Last Updated on December 15, 2021 by Scott Charleboix
For this post, relevant internal links made easy, have you ever noticed how mega-sites like the New York Times, About.com, or Wikipedia include links to “topic pages” on their website every time they mention a certain keyword? By linking to topic pages from numerous articles, these media behemoths can make their pages competitive even if very few other websites (or readers) consider them a valuable resource.
Fortunately, you can adopt the same strategy to improve the Page External Relevancy scores of your own pages. In this post, I’m going to show you the easiest way to do that by quickly adding a number of relevant internal links to any new target page.
Relevant Internal Links made Easy
Internal links are the easiest way to build new links to your target page, as you’re simply adding new links to existing pages on your site. Although competitive keywords require at least some links from other websites, internal links are the low-hanging fruit of the SEO world, as they provide a quick and easy way for you to let the search engines know that:
1) this is an important page on my site, and
2) this is what I think the page is about.
Now, the search engines may not always completely trust you in those assessments (the higher your Website Strength score, the more likely you are to see a benefit), but in either case internal links provide a great foundation upon which to begin building your Page External Relevancy.
Identify all the pages on your website mentioning the target keyword
Google’s “site:” command is an advanced search operator that lets you restrict your search to just one website. You can use the site: command to find pages on your website that mention your target keyword:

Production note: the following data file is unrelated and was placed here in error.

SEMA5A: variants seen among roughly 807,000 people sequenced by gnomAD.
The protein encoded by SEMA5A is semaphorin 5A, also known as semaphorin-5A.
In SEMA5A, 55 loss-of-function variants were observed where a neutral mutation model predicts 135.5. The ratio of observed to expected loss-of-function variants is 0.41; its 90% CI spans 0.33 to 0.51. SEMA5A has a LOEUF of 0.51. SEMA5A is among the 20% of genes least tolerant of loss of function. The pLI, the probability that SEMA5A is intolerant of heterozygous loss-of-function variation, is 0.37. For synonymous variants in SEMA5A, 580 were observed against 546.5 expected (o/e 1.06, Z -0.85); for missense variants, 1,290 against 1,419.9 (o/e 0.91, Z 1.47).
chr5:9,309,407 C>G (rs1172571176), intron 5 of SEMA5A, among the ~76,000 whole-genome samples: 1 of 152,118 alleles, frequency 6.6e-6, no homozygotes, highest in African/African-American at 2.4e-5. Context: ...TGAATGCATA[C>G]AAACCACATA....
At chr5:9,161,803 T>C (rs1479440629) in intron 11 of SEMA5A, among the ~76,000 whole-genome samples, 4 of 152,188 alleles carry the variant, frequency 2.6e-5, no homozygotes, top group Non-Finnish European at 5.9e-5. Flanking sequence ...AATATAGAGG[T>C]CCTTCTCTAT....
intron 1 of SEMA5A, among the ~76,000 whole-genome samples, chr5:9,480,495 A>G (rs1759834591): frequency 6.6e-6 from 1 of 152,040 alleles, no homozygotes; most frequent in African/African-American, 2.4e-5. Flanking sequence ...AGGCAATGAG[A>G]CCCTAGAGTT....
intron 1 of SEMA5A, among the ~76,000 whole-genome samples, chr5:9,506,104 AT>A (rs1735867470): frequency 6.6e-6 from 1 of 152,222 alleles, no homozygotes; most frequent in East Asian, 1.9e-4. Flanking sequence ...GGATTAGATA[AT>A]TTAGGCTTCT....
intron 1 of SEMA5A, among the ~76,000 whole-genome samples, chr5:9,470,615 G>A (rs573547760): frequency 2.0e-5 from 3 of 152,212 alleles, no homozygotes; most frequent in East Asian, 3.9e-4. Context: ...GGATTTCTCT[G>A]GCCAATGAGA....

site:yourdomain.com “your target keyword”
For example, if your website is Wikipedia (http://en.wikipedia.org) and your keyword is “alternative minimum tax”, you’ll search google for:
site:en.wikipedia.org “Alternative Minimum Tax”
The best part about this technique? Google returns the results to you ranked according to which pages Google themselves consider most relevant and important on your website for your target keyword. In other words, which pages you most want a link from!
I wanted to test this out for myself to see what posts are provided for one of my Keywords, Star Trek. So I typed in Google the info below:
site:pinartwork.com “Star Trek”
I was pleasantly greeted with a pretty wide array of posts where I’ve already used Star Trek in many different posts (292 results). Because of the big number of results, I’m not going to jot them all down here for you to see.
Another distinct advantage to using this method of looking up places for you to use internal links is the notification of related searches at the bottom. You can look at these related searches and see if you can use them for related terms as your secondary keywords.
Believe it or not I didn’t have the keyword Star Trek shows in order exactly used within that context in one of my most popular posts.
Add the links
For half the links, include some surrounding text in addition to the keyword. Voilà! You’ll have 10 new relevant links to your target page.
Repeat the process with keyword variations
Now repeat steps 1 and 2 with at least one variation of your target keyword. Sticking with our “Alternative Minimum Tax” keyword example, we may search for mentions of “AMT”:
site:en.wikipedia.org “Alternative Minimum Tax” and link each of those mentions (obviously, only the ones related to Alternative Minimum Tax) to your target page as well.
If you liked this post, you may also want to check out the one that’s listed below:
Understand what makes a good link is a recommendation from CanIRank to improve my site’s Website Authority at PinArtwork. The main focus for this post is that by the conclusion of the post you should know how to write a good link and you’ll know how to get good backlinks. Throughout the post you’ll be provided with several blogging tips for backlinks building.